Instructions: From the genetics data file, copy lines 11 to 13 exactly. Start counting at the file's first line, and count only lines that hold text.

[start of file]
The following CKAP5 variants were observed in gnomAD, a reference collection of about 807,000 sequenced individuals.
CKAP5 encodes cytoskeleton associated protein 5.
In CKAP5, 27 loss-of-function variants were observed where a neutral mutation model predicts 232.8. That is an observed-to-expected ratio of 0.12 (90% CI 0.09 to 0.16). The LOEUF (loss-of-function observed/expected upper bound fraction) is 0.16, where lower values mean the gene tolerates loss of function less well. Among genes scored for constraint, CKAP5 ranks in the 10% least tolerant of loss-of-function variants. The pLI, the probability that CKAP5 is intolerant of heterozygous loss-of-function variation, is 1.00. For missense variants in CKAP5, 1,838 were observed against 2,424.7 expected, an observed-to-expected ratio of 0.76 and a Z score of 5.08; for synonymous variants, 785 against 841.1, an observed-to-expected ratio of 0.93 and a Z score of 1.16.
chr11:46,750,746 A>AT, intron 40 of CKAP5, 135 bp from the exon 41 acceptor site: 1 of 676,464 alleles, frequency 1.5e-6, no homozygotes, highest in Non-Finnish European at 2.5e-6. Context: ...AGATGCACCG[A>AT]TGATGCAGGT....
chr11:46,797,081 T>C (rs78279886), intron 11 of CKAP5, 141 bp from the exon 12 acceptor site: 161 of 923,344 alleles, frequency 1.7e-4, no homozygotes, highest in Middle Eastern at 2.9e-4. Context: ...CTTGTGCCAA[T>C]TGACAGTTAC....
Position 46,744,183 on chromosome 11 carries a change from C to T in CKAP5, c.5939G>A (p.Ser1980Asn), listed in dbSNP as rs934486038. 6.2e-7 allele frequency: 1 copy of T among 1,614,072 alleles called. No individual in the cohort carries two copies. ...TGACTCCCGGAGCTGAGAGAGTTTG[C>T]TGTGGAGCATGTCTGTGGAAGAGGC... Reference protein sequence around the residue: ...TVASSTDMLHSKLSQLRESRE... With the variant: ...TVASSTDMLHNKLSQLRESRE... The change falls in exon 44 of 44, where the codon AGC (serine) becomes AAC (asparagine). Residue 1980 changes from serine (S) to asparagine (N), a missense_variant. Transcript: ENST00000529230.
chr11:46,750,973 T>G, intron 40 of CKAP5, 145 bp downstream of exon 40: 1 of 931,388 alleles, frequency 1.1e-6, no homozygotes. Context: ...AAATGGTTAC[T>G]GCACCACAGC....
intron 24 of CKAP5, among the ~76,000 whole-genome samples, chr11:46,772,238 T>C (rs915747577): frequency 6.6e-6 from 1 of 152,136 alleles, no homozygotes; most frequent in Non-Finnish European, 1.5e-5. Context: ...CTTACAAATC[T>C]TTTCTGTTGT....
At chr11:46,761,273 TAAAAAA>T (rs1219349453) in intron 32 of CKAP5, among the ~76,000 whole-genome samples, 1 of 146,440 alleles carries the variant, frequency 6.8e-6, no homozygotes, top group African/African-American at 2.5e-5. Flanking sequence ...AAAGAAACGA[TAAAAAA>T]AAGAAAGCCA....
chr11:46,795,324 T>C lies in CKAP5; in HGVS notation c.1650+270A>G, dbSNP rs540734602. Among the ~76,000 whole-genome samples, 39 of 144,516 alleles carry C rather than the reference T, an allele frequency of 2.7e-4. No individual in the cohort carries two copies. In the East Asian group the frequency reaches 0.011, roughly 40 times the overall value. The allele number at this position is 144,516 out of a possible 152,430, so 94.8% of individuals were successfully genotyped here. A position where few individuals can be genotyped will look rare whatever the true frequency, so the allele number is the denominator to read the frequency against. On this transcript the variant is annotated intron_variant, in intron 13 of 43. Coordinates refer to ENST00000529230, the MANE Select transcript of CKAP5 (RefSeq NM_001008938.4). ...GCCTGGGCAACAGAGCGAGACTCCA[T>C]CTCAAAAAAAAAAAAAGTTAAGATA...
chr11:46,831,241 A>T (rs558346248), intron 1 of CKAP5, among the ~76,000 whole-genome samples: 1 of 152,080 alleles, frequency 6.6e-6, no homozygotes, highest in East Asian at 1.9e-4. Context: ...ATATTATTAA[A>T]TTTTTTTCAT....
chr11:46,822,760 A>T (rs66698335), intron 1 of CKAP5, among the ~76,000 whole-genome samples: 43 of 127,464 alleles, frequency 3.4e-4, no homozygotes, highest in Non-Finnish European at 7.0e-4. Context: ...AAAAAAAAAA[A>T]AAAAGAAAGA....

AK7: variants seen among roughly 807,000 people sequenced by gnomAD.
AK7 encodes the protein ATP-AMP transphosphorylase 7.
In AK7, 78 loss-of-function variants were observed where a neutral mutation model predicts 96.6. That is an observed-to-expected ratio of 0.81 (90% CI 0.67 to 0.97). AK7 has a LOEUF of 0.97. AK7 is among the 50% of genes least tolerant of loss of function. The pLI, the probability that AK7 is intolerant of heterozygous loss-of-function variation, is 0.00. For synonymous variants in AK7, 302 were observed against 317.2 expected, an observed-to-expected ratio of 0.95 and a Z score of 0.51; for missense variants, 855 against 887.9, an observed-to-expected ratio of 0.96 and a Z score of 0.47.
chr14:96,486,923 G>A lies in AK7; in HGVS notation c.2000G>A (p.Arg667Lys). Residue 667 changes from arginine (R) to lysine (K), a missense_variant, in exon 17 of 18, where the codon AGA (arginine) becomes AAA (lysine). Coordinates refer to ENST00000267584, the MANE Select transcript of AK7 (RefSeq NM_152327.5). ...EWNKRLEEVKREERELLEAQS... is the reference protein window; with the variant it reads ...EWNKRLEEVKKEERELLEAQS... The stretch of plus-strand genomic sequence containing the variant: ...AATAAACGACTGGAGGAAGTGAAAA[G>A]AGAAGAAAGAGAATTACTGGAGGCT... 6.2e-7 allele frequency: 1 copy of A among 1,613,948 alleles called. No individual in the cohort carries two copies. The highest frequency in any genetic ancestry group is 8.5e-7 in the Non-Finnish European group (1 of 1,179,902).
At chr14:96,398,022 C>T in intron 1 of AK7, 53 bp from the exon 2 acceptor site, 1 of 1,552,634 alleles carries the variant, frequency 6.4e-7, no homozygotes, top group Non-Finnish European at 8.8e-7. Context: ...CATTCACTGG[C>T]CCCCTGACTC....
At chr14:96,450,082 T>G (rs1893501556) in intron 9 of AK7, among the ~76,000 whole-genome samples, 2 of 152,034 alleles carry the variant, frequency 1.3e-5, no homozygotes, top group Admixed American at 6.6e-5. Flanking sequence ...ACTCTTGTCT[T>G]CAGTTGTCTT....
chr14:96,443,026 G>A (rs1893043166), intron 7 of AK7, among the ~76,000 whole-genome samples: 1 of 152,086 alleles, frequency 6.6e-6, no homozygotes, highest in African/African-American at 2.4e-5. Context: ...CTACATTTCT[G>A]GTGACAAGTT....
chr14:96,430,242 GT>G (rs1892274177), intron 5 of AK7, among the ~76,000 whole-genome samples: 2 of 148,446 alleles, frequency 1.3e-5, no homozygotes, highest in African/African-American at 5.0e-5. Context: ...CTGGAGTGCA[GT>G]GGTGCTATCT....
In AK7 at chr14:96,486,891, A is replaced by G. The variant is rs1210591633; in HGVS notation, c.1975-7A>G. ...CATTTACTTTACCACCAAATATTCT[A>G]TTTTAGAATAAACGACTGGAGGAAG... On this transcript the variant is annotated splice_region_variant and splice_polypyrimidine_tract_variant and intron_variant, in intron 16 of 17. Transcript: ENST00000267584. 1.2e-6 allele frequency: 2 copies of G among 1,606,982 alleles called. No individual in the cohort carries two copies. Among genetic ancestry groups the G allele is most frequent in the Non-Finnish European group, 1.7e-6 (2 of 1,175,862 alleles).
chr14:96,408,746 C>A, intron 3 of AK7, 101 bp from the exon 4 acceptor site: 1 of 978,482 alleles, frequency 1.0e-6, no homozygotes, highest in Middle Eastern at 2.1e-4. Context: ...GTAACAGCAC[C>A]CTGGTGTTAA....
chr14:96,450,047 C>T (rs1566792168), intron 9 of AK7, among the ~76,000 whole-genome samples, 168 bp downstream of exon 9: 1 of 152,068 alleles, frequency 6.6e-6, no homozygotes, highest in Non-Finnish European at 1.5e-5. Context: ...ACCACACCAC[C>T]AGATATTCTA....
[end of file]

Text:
chr11:46,831,241 A>T (rs558346248), intron 1 of CKAP5, among the ~76,000 whole-genome samples: 1 of 152,080 alleles, frequency 6.6e-6, no homozygotes, highest in East Asian at 1.9e-4. Context: ...ATATTATTAA[A>T]TTTTTTTCAT....
chr11:46,822,760 A>T (rs66698335), intron 1 of CKAP5, among the ~76,000 whole-genome samples: 43 of 127,464 alleles, frequency 3.4e-4, no homozygotes, highest in Non-Finnish European at 7.0e-4. Context: ...AAAAAAAAAA[A>T]AAAAGAAAGA....

AK7: variants seen among roughly 807,000 people sequenced by gnomAD.